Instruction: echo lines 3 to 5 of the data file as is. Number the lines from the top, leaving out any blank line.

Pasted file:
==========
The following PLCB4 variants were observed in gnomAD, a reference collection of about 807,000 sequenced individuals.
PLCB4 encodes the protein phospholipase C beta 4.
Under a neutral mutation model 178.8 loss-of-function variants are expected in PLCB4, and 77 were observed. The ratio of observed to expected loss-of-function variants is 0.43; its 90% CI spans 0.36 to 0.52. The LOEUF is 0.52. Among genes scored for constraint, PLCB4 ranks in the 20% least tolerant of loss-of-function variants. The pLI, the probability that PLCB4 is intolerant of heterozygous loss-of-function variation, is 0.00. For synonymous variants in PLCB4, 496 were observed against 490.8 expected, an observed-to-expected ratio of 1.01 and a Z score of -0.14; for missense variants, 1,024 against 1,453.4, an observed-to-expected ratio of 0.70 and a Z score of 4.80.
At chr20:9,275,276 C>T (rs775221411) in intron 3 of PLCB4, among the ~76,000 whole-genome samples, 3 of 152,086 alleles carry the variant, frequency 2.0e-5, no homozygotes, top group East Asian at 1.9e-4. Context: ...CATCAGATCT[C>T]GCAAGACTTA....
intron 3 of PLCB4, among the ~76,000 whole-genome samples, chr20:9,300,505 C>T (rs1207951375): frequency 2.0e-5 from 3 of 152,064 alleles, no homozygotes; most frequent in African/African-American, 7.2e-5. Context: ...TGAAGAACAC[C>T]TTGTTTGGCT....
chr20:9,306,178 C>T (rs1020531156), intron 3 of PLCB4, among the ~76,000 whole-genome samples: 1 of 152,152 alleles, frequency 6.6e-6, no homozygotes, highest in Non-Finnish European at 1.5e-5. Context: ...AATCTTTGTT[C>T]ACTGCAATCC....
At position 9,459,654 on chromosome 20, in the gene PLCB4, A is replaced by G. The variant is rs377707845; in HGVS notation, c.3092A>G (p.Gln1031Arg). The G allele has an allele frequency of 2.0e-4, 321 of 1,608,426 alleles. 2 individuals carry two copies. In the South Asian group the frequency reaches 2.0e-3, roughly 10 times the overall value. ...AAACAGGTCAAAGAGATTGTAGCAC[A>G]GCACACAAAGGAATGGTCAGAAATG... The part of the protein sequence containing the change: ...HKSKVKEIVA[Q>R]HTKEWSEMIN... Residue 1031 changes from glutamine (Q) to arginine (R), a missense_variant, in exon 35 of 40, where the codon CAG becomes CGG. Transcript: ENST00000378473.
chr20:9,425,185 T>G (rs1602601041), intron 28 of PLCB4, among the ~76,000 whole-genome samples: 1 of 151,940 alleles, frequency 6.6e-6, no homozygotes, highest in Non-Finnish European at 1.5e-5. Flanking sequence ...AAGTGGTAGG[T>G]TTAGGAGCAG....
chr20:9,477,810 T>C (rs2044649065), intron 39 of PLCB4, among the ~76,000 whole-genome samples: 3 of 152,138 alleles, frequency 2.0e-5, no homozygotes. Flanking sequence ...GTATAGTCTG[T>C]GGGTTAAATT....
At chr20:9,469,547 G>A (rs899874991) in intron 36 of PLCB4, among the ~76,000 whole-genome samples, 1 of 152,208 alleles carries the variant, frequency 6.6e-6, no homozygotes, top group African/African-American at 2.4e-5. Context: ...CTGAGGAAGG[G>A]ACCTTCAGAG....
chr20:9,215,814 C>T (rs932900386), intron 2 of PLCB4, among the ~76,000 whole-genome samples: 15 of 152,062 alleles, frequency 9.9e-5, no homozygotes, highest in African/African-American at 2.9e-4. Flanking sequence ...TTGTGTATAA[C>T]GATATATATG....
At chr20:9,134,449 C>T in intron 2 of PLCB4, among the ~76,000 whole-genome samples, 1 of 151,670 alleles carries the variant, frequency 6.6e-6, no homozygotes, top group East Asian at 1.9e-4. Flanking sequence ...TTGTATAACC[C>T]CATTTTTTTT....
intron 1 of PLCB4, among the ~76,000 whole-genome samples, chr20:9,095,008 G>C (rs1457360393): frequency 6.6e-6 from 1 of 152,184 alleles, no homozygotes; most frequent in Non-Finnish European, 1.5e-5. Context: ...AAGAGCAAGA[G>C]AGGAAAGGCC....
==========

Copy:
Under a neutral mutation model 178.8 loss-of-function variants are expected in PLCB4, and 77 were observed. The ratio of observed to expected loss-of-function variants is 0.43; its 90% CI spans 0.36 to 0.52. The LOEUF is 0.52. Among genes scored for constraint, PLCB4 ranks in the 20% least tolerant of loss-of-function variants. The pLI, the probability that PLCB4 is intolerant of heterozygous loss-of-function variation, is 0.00. For synonymous variants in PLCB4, 496 were observed against 490.8 expected, an observed-to-expected ratio of 1.01 and a Z score of -0.14; for missense variants, 1,024 against 1,453.4, an observed-to-expected ratio of 0.70 and a Z score of 4.80.
At chr20:9,275,276 C>T (rs775221411) in intron 3 of PLCB4, among the ~76,000 whole-genome samples, 3 of 152,086 alleles carry the variant, frequency 2.0e-5, no homozygotes, top group East Asian at 1.9e-4. Context: ...CATCAGATCT[C>T]GCAAGACTTA....
intron 3 of PLCB4, among the ~76,000 whole-genome samples, chr20:9,300,505 C>T (rs1207951375): frequency 2.0e-5 from 3 of 152,064 alleles, no homozygotes; most frequent in African/African-American, 7.2e-5. Context: ...TGAAGAACAC[C>T]TTGTTTGGCT....